In addition to my warning about being careful trusting obituaries and death certificates when it comes to where someone is buried Pet Peeve Rant Warning – Find-A-Grave Plopping and Burial Unknowns/Cremated August 1, 2019, there are other things to be careful about trusting on both documents. This holds true for other documents – birth certificates, census records (probably the worst of the bunch in my experience for official records), etc.
In general, you can trust the death date on death certificates. However, there are exceptions. A friend’s mother died December 21 late on her doctor’s shift. He didn’t fill out the death certificate until the next day and mistakenly wrote the death date on the death certificate as December 22. In another case with this friend, somebody transcribed a maiden name on a death certificate as Ruhr. He showed me the death certificate; maiden name was Unknown. I’m half-blind and it was obvious to me what the name was. Guessing the transcriber was not used to cursive writing.
On my mother’s death certificate, the date is correct, but the time of death is way off. Because she died at home and alone, the coroner was called in. He declared her dead upon his arrival, but admitted she had obviously died much earlier in the day. I finally received a copy of my great-grandmother’s death certificate with information provided by her youngest son who had lived near her most of his life. Don’t Know and Can’t Say were the most common things on it. Informants can get things wrong as can transcribers.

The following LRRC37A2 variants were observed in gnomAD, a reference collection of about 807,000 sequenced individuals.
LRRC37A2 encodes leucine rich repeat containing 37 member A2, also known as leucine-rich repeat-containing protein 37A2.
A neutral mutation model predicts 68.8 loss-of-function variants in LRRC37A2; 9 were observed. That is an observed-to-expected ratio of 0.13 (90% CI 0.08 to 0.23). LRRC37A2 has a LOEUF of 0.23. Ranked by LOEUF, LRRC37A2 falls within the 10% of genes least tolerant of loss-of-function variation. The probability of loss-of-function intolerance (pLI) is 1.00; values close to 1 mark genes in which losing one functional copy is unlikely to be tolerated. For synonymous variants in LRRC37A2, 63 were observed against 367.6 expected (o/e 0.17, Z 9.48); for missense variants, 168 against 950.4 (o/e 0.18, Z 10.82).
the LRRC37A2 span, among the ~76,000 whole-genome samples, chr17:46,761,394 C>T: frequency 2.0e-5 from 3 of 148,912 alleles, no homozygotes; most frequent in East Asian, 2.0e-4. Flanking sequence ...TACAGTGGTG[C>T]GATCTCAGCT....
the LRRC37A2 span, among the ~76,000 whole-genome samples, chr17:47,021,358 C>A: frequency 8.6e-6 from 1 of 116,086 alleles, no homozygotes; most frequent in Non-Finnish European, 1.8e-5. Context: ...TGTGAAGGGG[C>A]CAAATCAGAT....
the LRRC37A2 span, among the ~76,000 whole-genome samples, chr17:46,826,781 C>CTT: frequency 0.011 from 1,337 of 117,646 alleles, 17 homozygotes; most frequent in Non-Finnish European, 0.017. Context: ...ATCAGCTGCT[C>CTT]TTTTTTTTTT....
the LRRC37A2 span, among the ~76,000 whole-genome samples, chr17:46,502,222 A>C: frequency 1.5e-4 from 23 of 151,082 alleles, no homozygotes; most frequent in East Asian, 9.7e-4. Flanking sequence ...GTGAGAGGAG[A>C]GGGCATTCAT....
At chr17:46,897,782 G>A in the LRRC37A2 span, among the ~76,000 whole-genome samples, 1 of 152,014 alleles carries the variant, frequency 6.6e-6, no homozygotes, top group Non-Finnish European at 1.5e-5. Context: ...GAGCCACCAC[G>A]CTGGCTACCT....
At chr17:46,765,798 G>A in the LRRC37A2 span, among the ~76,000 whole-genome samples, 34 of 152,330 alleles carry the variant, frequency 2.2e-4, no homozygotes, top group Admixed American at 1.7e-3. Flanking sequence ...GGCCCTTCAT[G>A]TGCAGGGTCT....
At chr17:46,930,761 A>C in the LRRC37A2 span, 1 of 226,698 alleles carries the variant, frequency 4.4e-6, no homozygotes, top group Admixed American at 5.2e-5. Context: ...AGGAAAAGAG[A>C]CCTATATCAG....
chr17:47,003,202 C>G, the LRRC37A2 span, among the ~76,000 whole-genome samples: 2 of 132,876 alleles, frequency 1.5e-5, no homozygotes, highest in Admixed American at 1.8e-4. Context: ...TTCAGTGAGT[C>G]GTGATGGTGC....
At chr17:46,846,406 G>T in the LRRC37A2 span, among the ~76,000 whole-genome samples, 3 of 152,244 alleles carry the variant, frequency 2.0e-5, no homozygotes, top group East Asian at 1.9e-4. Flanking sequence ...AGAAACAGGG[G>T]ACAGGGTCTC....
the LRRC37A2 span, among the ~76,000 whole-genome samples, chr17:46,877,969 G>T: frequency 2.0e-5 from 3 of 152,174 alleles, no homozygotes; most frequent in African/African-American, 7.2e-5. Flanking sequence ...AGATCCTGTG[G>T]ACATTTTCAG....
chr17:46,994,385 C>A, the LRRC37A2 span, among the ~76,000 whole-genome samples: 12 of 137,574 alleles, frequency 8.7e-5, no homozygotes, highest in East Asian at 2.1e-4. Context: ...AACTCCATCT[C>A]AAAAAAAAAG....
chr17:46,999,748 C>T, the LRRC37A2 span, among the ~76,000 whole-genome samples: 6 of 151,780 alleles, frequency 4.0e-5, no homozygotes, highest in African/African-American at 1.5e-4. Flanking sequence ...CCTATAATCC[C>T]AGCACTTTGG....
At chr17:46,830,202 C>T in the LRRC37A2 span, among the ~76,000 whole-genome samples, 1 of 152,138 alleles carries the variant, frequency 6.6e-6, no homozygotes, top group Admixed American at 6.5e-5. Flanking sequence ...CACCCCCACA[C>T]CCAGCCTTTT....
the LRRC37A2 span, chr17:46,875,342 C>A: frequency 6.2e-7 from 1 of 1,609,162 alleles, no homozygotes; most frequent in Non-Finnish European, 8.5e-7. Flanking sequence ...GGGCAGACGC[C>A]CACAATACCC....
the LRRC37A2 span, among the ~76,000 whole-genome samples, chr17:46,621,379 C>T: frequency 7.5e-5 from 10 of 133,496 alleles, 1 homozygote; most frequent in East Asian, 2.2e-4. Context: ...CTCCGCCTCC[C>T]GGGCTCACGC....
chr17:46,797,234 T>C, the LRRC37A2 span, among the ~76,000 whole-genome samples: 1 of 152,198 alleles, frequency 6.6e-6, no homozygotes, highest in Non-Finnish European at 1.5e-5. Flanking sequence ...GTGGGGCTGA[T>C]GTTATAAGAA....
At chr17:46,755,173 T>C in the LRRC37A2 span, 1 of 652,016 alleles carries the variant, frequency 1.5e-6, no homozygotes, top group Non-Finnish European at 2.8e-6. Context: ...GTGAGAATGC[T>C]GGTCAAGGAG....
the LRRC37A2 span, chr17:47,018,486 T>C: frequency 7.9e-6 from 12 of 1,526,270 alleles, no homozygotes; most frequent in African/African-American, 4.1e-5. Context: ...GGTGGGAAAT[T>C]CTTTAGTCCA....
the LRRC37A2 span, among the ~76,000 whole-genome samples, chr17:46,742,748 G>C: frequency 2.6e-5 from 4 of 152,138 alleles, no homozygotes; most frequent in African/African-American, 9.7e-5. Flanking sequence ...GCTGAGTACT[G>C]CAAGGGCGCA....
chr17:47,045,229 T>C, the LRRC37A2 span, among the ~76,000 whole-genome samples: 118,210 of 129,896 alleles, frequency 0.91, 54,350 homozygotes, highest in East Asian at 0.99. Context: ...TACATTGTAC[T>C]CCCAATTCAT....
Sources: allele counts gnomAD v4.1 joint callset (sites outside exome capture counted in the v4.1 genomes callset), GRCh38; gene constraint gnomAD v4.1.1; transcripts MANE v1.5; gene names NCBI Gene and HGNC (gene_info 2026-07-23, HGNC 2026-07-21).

Another thing to be wary of – cause of death if a full autopsy wasn’t done. In my mother’s case, cause of death was COPD, and while the coroner showed up, he didn’t order an autopsy which would have revealed other issues that were far more likely to be cause of death than what he ruled. His ruling made sense given what limited information he knew. Had he bothered to ask questions or been open to hearing suggestions, I think he may have ordered an autopsy.
On obituaries, there can be plenty of things wrong there as well. A different friend was sent an obit prepared by a relative for the friend. It left out a sister and the relative is unwilling to add the sister. My favorite example was two obits next to each other in a newspaper. One done by the wife and the other done by the girlfriend. Surprisingly, or not, neither obit mentioned the other children or the mother of said children.
Going back to my great-grandmother above, an obit for a relative of hers had her living in Power, Mississippi. She lived in Moss Point, not Power. My uncle who I mentioned in the Pet Peeve rant was listed as living in his sister’s (not my mother, but a different sister) obituary in 2009. Seems the two siblings and their families had not been talking to each other as he died in 2008, pretty much a year earlier. They both died in June. It was only after seeing the Social Security Death Index (SSDI) later for my uncle did I realize the obit for my aunt was wrong.